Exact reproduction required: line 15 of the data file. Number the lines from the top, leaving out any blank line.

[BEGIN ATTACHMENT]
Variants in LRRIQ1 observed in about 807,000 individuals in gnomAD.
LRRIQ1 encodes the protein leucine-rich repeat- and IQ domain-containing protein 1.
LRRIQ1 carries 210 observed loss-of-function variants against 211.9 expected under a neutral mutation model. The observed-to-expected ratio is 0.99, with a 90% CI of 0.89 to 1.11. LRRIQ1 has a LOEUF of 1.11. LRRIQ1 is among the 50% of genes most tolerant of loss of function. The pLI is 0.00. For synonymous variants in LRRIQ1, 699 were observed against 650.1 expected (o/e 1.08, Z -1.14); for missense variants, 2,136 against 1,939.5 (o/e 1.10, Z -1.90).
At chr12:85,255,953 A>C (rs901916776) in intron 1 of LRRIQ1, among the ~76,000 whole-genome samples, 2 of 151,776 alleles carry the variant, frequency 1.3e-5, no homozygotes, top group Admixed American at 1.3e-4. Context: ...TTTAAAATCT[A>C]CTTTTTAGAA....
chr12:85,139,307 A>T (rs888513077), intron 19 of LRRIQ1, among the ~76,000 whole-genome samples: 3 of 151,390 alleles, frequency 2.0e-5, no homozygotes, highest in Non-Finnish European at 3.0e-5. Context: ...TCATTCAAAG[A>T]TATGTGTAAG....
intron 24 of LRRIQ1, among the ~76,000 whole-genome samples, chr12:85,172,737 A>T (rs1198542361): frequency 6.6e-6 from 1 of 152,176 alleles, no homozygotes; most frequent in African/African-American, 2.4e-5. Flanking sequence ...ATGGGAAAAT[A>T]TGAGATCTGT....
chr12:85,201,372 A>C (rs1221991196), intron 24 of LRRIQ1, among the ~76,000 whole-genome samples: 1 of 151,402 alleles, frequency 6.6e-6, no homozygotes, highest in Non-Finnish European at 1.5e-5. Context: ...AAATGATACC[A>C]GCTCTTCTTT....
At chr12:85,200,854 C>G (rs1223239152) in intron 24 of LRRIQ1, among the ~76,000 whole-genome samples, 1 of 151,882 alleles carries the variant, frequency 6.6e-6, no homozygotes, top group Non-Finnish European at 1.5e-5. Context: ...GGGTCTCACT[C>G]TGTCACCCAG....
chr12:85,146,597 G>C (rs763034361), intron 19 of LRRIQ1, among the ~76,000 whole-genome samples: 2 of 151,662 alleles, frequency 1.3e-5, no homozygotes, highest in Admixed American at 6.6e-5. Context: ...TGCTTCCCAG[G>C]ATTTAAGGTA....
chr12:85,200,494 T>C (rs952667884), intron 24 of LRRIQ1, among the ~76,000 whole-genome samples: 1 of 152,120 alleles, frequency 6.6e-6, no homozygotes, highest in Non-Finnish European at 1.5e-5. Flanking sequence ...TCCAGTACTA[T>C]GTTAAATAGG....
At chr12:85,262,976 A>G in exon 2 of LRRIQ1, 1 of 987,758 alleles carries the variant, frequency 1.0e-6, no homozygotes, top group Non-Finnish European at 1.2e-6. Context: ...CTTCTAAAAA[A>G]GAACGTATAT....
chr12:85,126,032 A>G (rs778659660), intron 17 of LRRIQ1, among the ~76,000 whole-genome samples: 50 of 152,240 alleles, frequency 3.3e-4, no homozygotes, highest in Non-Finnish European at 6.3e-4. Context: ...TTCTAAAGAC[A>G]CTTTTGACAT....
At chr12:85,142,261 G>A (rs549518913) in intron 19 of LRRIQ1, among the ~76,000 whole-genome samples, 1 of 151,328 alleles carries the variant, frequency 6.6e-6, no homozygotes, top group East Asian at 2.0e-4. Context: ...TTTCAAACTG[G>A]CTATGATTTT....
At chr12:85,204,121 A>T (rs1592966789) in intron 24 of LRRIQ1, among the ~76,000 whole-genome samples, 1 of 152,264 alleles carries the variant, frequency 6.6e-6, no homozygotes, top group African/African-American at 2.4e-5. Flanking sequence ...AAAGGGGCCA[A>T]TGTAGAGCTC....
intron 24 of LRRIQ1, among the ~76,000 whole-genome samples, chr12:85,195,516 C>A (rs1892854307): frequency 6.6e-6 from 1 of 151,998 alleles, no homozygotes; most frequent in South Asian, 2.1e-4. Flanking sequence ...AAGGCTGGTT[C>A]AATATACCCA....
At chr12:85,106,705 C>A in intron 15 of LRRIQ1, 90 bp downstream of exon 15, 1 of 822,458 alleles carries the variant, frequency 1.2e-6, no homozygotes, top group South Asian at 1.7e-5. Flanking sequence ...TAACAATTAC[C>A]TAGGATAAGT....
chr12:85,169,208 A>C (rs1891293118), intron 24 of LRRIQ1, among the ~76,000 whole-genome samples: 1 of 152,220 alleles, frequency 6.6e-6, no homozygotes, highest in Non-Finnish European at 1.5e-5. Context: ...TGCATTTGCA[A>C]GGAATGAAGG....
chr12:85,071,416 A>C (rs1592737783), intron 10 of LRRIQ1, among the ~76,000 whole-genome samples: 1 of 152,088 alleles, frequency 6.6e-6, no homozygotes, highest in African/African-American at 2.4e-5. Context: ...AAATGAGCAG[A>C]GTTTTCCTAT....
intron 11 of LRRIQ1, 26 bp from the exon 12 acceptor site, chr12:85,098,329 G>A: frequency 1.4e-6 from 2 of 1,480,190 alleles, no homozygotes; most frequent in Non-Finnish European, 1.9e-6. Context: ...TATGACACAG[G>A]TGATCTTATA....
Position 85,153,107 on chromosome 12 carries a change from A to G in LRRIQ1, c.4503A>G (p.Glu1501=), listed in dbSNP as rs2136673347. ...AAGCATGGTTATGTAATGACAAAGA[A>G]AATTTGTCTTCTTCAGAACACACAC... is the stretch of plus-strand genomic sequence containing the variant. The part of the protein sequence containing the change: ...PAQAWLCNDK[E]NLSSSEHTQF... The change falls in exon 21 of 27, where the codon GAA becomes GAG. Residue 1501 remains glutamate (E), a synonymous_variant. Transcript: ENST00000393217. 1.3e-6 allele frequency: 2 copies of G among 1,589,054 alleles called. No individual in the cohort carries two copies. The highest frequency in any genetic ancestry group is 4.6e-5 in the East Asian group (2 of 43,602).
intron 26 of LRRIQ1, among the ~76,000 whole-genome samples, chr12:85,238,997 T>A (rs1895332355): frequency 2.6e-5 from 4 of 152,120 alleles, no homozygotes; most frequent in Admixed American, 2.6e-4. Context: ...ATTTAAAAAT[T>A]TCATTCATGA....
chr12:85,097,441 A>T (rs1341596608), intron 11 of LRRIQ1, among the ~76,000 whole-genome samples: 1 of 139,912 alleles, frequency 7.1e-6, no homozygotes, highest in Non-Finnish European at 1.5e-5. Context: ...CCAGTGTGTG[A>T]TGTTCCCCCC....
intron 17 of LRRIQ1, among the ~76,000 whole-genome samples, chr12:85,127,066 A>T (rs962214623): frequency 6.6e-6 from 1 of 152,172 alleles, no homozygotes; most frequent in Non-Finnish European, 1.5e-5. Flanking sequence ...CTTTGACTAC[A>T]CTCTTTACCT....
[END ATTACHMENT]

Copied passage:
intron 24 of LRRIQ1, among the ~76,000 whole-genome samples, chr12:85,195,516 C>A (rs1892854307): frequency 6.6e-6 from 1 of 151,998 alleles, no homozygotes; most frequent in South Asian, 2.1e-4. Flanking sequence ...AAGGCTGGTT[C>A]AATATACCCA....